RC: Golliwogs dolls are very real. There are people that collect them. In fact, what the girl reads in the first book is more or less lifted to a degree out of the original Golliwog book which was written by an Englishwoman. There’s a whole “Golliwoggy and N***** go into town,” that is in the first book of which she wrote a few. There’s a whole series of Golliwog books. It is a real thing. The door that they walk through when they go into the Museum of Negrocity, that big mouth, and she says, “This is where we have to go through to get some chicken.” That is a real replica of a door that was on several different restaurants in various places around the country of a restaurant called The Coon Chicken Inn. If you google Coon Chicken Inn, you will find pictures of that restaurant, the door that you walked through which was this big face of a black caricature that you would go through. And then you’d see some real artifacts from the restaurant as well as probably some reproductions because people reproduce this stuff. In fact, someone reproduced neon, I found on Craigslist or something, neon images of the Coon Chicken inside.

FF: Did Spike Lee give input on Tales from the Hood 2 like he did on the first?

RC: Spike has always been a benevolent executive producer/overseer. Basically, he lets Darin and I do what we want to do. He comes in and protects us against the forces of corporate nervousness. When you’re dealing with these kind of things that are politically charged, racially charged and so on, quite honestly and understandably, a lot of companies are like, “Well, why do we want to deal with that? The risk of upsetting someone is not what we’re in business to do. We’re just in business to make money.” So having Spike, who is known for controversy, it helps us because it becomes a selling point as opposed to a negative. If his name is on it, then people know what they’re going to get. He in that way has been very helpful to our creative process, not so much in telling us what to do or editing what we do but more in terms of supporting it and making sure that our voice is heard the way we’d like it to be.

FF: Was there as much of that in 2018 as there was in 1995?

RC: Yeah, to a certain degree. He definitely helped us in ’95 and helped us in this film as well. The Golliwog episode would be different were it not for his involvement. That’s not saying that he changed anything. He just helped me to keep what was in there, in there. There were some things that otherwise corporate really would’ve been happy if I had taken out.

FF: In the first Tales, you did an episode on police violence and another on politicians. Is it a shame that those are still relevant?

RC: It’s sad that they’re so relevant. Definitely we could have almost just redone those stories and they would have worked. Duke was an early Trumper, an early Alt-righter to a degree. It is striking that those two particular stories, even as we thought about what’s right for these, we’re like, “Well, we’ve already kind of done that. We’ve already done police brutality. Is there a way to address it that is different than what we did before?” In this one, we just touch on it with the fact that Dumass Beach owns all these private prisons.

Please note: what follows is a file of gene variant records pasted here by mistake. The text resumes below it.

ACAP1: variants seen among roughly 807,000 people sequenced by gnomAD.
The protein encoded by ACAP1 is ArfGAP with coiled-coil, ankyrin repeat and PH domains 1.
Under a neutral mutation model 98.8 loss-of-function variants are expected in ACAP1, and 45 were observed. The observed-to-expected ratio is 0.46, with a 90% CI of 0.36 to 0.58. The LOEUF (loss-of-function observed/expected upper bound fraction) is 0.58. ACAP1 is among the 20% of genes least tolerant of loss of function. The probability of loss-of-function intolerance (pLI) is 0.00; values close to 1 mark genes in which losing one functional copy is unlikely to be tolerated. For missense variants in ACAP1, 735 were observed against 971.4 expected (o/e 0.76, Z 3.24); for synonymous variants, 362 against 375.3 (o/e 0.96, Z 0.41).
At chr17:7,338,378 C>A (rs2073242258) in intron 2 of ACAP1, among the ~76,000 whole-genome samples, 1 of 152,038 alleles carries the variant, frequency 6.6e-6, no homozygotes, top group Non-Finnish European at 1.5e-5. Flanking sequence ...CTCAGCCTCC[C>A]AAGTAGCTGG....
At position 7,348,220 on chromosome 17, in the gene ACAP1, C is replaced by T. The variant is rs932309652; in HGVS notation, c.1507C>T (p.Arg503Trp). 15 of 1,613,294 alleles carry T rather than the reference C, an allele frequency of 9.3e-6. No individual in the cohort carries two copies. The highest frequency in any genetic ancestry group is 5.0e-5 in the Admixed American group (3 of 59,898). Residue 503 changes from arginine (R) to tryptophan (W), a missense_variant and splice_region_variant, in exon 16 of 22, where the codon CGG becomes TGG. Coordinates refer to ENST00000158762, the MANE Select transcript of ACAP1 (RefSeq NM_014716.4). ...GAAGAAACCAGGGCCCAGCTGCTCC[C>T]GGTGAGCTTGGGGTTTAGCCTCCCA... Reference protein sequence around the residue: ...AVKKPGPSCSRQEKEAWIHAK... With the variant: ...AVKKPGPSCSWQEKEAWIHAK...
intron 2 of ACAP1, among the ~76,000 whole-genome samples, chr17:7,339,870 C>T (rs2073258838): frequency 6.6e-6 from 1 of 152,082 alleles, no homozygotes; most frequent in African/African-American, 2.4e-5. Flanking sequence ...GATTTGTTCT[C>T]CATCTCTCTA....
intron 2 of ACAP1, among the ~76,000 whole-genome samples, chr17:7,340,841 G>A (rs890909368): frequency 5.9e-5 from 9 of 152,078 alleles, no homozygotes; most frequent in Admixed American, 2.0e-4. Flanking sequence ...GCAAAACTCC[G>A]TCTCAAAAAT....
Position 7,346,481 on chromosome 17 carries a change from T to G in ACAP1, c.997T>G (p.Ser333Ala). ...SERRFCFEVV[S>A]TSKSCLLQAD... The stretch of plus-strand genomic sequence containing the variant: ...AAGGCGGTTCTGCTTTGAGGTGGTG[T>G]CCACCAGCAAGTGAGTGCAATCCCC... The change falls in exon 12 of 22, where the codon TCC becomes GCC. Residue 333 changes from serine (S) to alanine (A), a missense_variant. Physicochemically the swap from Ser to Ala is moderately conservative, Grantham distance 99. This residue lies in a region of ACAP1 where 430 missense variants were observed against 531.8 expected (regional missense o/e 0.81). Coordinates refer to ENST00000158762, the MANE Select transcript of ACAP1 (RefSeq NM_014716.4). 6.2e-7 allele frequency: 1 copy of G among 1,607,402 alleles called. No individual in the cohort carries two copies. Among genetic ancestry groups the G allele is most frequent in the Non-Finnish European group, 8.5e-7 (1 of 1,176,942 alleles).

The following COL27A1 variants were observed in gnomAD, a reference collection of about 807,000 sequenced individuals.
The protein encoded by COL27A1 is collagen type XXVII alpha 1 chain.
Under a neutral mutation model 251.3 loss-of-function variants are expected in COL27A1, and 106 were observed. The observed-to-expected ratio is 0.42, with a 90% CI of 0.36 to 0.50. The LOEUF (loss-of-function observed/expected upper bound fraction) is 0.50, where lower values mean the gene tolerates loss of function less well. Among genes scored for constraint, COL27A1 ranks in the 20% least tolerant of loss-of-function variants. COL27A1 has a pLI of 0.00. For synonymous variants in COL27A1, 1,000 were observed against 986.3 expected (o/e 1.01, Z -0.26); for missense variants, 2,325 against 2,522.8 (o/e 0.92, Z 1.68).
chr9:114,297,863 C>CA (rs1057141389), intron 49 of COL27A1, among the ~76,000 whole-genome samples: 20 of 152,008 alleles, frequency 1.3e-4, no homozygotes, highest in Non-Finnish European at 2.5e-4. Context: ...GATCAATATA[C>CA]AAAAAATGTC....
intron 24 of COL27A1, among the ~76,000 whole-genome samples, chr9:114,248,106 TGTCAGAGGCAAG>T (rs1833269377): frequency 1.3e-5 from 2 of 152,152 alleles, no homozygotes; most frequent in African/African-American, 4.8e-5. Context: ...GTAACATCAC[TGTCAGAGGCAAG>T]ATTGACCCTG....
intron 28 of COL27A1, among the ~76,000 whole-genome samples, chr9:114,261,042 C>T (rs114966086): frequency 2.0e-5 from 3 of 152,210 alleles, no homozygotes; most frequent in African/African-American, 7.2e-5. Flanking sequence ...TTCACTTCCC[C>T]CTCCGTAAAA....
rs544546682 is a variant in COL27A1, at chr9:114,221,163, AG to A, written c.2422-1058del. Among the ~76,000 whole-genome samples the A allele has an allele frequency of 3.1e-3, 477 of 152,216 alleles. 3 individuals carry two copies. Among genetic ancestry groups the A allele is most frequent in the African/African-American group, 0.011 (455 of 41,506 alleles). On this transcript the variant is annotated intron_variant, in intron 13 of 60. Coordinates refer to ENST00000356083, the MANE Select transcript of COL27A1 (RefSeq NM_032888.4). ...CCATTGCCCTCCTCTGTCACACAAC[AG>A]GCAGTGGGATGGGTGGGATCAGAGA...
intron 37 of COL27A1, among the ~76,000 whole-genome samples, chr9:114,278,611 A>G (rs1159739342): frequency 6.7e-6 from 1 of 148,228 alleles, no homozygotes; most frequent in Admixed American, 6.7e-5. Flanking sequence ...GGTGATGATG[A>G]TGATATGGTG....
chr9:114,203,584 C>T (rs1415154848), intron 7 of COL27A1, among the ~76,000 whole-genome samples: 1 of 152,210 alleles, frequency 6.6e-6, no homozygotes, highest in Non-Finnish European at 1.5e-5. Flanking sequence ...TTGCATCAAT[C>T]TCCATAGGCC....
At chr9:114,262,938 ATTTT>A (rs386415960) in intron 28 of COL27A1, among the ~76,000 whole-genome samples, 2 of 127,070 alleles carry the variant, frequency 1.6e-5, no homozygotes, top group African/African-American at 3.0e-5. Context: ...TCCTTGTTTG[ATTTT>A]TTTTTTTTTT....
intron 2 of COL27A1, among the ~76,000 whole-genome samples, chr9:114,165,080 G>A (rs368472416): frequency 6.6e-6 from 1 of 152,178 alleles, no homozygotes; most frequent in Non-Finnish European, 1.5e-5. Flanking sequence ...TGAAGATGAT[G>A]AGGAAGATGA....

FF: Could there be a Tales 3 and a TV series, or is it one or the other?

RC: I think there can be both. I think the TV series, if we’re fortunate enough to get that done, would obviously be done at a certain level budget-wise. Our hope is that this does well enough so that if we were to do a Tales 3, we’d be able to get a bigger budget and play things on a bigger canvas. There’s a few stories that we have that we just couldn’t afford to do with the budget we had this time around. There’s definitely a hope that if we’d get to do a Tales 3 we can do it in a more expansive fashion.

FF: Was it any sort of fight to keep some practical gore effects in Tales from the Hood 2?

RC: No, we budgeted pretty well so from a financial standpoint, we knew what we could do and couldn’t do. I don’t think we had any pushback on any of the gore. It would only have occurred in the Golliwog episode. We did change the wraparound a bit because the studio was afraid it was too reflective of Trump. So that is a concession that we made. I think the point still comes across with Dumass Beach as this prison owner and the things he says. He still parrots that Trumpian line of shot in a lot of things.

FF: Was he always building a police robot though?

RC: He was always building a police robot. In an earlier draft, he was building it as a candidate for political office which made him even more of a parallel to our current Commander in Chief.

FF: If there could be a Tales from the Hood 2 on video, could there be a Fear of a Black Hat 2 for straight to vide or VOD?

RC: I’m definitely trying to do something with Fear of a Black Hat. I’m actually in talks to see if we can get it set up someplace as a streaming series on a small level. There is a story of where Tasty and Tone and Ice are today. It would obviously include hip-hop and current hip-hop, but it would also be in seeing how these guys operate in the world now with children and wives and ex-wives, lots of ex-wives and ex-girlfriends and how they as friends or business associates deal with the day to day of their lives. That’s something I’m actively pursuing.

FF: Would it still be in documentary style?

RC: I think would be a combination of documentary and first camera. There would be a documentary character, a new documentary character would be chasing these guys around. So it would be a combination of that and a single camera thing, sort of Larry Sandersish in a certain way.

FF: Which N.W.H. member do you think would marry a Kardashian?

RC: Ha ha. I think as I’m looking at it now, Tasty is kind of in the quasi-Kardashian world, Kardashian/Coco world.

FF: I would’ve said Tasty also.

RC: Yeah, he’s kind of in that universe.

FF: In addition to seeing N.W. H. now I would hope you could cover the last 20 years of music in flashbacks.

RC: Yeah, I definitely think that there’s an opportunity from time to time to flashback to different points in their career and use it to set up what’s going on today between them. So yeah, there would be various music videos, various other things that we could go back to as well as what’s going on in their lives today.

Written by
Fred Topel also known as Franchise Fred has been an entertainment journalist since 1999 and specializes in writing about film, television and video games. Fred has written for several outlets including About.com, CraveOnline, and Rotten Tomatoes among others. His favorite films include Toy Story 2, The Rock, Face/Off, True Lies, Labyrinth, The Big Hit, Michael Moore's The Big One, and Casablanca. We are very lucky and excited to have Fred as part of the We Live Entertainment team. Follow him on Twitter @FranchiseFred and @FredTopel